Smart dimmers under existing wall switches (UK hub, German home)


I have a couple of newbie questions. I have a few of wall switches that I want to keep and make smart. In one room I have 3 x 9 W LED bulbs connected to one wall switch (bistable). My understanding is that it is possible to control and dim the lights from my SmartThings and the wall switch itself independently, regardless of the actual state (correct me if I’m wroing). Will I need a bypass since my load is quite small?

Can’t seem to find these in the “works with SmartThings” list, do they work?

In another room I have two wall switches that control the same ceiling lamp. This means that either of the buttons will change the state of the lamp. Is there something similar which will work with that kind of setup?

Greatly appreciate the help.

@anon36505037 has done his entire house with Fibaro kit, he should be able to answer your questions. :sunglasses:

With regard to your second question, in the UK that is referred to as a “two-way setup” and it definitely should be doable, although it does depend on the details of your wiring. Again, Robin can probably say more. ( The same setup in the US would be referred to as a “three-way” in case you are reading other forum threads, just so you don’t get confused. The UK counts the number of switches, while the US counts the number of circuit branches.)

Yeah, 3way doesn’t really make any logical sense at all. There’s only 2 travellers, and only two switches. It’s not like a single switch is called a “2 way” switch, though it can be called a single throw switch. Technically a “3way” is just a paired set of double throw switches, so … 2 + 2 = 3?

In the US, it describes current flow. From Mike Holt’s electrical systems forum:

It is not a matter of how many positions the switch can have (i.e., up or down is only two positions). It is a matter of how many ways current can get to the switch, how many paths current can take on its way to the switch. Think of driving down a road, and coming to an intersection at which you have to take either the left fork or the right fork. That is commonly called a �3-way intersection.�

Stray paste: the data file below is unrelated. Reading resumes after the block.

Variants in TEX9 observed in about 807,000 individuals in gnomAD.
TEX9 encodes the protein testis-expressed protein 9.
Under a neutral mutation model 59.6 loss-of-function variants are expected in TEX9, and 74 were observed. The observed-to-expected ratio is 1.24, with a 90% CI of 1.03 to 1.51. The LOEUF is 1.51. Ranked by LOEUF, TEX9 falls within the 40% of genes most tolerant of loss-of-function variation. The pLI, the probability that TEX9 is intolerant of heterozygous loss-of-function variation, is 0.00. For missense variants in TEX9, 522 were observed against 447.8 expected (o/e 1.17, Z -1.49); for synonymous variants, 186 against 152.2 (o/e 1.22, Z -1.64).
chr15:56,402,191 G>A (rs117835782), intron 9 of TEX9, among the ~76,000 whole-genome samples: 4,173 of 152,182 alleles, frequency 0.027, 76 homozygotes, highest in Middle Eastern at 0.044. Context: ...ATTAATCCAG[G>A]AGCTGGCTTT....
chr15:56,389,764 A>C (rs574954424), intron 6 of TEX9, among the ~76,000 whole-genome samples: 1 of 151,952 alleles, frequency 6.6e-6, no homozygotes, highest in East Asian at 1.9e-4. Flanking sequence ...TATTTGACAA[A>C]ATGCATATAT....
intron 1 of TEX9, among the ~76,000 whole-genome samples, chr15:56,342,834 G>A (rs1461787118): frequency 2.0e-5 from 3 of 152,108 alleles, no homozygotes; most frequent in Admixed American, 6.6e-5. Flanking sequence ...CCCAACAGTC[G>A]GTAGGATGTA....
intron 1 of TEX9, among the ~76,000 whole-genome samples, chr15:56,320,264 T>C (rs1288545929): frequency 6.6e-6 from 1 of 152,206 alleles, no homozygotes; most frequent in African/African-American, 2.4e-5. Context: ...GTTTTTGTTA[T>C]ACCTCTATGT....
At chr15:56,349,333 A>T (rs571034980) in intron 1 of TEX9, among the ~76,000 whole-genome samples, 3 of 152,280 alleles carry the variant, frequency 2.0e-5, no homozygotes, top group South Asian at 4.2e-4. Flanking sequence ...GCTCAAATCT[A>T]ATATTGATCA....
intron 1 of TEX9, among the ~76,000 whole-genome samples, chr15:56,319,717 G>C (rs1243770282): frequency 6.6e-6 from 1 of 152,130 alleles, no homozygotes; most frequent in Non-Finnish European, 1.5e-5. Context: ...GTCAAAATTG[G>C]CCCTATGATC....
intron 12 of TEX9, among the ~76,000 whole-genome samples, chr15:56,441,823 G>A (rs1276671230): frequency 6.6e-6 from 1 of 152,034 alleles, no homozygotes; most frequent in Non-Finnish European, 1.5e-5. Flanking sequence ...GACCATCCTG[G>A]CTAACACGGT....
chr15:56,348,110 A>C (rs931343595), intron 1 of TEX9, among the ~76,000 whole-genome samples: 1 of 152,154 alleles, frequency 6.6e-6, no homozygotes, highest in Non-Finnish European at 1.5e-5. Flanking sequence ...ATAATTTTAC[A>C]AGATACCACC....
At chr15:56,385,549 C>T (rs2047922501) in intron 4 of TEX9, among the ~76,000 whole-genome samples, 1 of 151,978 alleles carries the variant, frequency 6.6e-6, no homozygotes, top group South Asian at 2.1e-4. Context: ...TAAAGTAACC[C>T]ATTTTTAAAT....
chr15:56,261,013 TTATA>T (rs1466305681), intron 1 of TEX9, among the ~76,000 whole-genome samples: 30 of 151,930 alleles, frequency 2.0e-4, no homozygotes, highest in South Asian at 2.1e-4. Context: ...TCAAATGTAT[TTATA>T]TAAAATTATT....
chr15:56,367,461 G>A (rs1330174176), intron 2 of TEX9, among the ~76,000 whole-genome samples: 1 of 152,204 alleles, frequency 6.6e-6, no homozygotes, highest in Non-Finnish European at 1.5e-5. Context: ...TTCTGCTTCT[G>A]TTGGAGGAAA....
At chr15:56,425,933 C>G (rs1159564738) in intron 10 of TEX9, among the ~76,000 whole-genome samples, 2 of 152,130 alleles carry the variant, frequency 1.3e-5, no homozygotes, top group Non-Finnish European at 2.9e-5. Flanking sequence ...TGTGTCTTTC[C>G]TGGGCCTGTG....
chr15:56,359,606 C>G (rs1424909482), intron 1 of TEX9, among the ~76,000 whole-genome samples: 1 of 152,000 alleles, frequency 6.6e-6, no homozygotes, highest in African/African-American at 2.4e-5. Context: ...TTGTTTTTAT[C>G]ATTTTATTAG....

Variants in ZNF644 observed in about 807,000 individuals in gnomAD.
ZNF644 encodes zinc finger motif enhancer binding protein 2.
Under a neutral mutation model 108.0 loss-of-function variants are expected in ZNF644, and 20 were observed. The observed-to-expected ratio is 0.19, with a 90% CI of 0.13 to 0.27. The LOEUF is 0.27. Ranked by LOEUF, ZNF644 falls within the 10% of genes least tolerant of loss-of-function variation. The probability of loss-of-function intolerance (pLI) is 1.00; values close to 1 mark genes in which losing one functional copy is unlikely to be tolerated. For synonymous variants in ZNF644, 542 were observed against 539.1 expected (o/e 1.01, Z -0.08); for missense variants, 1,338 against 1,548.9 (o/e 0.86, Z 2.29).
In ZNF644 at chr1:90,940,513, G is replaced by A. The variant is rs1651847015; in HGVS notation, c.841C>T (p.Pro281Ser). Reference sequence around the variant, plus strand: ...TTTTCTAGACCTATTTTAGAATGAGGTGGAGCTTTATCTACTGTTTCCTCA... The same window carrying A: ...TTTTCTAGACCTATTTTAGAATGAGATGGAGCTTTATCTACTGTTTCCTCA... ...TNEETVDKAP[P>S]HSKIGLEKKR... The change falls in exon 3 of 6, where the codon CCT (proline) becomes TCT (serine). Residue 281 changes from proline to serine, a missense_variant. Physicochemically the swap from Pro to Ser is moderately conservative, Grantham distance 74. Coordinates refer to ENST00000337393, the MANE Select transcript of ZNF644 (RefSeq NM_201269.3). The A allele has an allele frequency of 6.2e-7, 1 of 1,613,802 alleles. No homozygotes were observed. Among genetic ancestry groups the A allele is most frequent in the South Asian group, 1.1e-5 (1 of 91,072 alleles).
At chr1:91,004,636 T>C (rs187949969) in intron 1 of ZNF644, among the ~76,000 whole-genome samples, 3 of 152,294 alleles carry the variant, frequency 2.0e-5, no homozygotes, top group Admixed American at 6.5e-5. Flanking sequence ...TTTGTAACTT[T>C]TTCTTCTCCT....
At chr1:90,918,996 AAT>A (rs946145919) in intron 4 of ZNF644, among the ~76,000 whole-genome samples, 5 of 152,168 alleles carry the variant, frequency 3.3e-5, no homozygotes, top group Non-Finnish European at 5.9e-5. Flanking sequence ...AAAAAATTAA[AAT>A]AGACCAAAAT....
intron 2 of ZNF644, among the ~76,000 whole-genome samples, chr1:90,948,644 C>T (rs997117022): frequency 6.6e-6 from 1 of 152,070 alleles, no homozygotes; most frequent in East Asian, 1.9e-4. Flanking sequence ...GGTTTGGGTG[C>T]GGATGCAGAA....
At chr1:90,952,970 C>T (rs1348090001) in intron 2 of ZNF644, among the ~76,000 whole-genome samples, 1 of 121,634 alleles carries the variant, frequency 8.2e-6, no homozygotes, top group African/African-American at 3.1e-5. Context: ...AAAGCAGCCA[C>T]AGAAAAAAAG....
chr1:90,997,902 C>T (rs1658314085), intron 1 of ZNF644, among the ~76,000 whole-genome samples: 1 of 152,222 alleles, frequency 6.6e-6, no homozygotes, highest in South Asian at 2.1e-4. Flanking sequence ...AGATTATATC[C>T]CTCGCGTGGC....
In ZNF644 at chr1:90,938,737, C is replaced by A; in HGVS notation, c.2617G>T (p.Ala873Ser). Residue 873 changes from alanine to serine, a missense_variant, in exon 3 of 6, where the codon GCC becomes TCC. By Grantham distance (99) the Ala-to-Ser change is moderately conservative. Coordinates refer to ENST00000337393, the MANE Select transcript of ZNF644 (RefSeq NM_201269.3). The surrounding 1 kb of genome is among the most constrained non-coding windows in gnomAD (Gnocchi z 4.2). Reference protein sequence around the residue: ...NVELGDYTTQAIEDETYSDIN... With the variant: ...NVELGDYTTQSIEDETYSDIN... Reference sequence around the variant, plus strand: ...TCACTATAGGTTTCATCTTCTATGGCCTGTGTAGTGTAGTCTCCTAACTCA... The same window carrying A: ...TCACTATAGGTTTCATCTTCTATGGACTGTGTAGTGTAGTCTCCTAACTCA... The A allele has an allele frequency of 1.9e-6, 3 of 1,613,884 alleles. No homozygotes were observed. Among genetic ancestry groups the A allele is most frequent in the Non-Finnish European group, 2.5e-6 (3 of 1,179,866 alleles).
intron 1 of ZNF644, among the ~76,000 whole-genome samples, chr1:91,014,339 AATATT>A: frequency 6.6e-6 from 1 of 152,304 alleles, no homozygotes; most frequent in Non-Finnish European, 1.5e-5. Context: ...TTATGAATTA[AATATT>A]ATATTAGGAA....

But, yes, in most other countries you just count the number of switches. :wink:

Yeah, that’d make sense if there was two way traffic (which I suppose there technically is because of alternating current flow) but from a block diagram perspective, it more closely resembles a fork and a merge.

If it was called a “3 wire switch” I’d be convinced. :wink:

What a great community, thank you for the replies guys!

After taking a look inside, I realized it might be hard to fit the dimmer behind the switch because of all the cables. Also seems to be a bit different from the cables in the chart. I have 1 cable of each color coming from the bottom, and 2 of each color going up. Only the brown cables are connected to the switch.

But since it’s probably a good idea to exchange the switch to one with a dimmer, I might as well get one with Z-Wave/ZigBee. Any specific (European) switch you could recommend?

Green/yellow is your ground wire. Blue is your “common” wire, and brown is your switched wire, most likely.

Hi, once again thank you for your replies. It would definitely be more convenient to have it under the switch, than the ceiling, in our case. But I might look for a smart switch, since we won’t be able to dim the lights with the current one anyway.

As for your question, I can’t recall adding UK to my title, but if I did then I must have been referring to the SmartThings Hub being from the UK (not that it matters). But this particular installation is actually in Germany, and it’s an old house from the early 1900’s, but I’m sure the electric installation has been changed at least once since then. If wires are used differently in the UK and in Germany then perhaps I should look for information regarding what the different wires are used for.


Hi @Qliver, I think the confusion lies in the topic title “Smart dimmers under existing wall switches (UK)” …might be leading readers to think you’re in the UK. :slight_smile: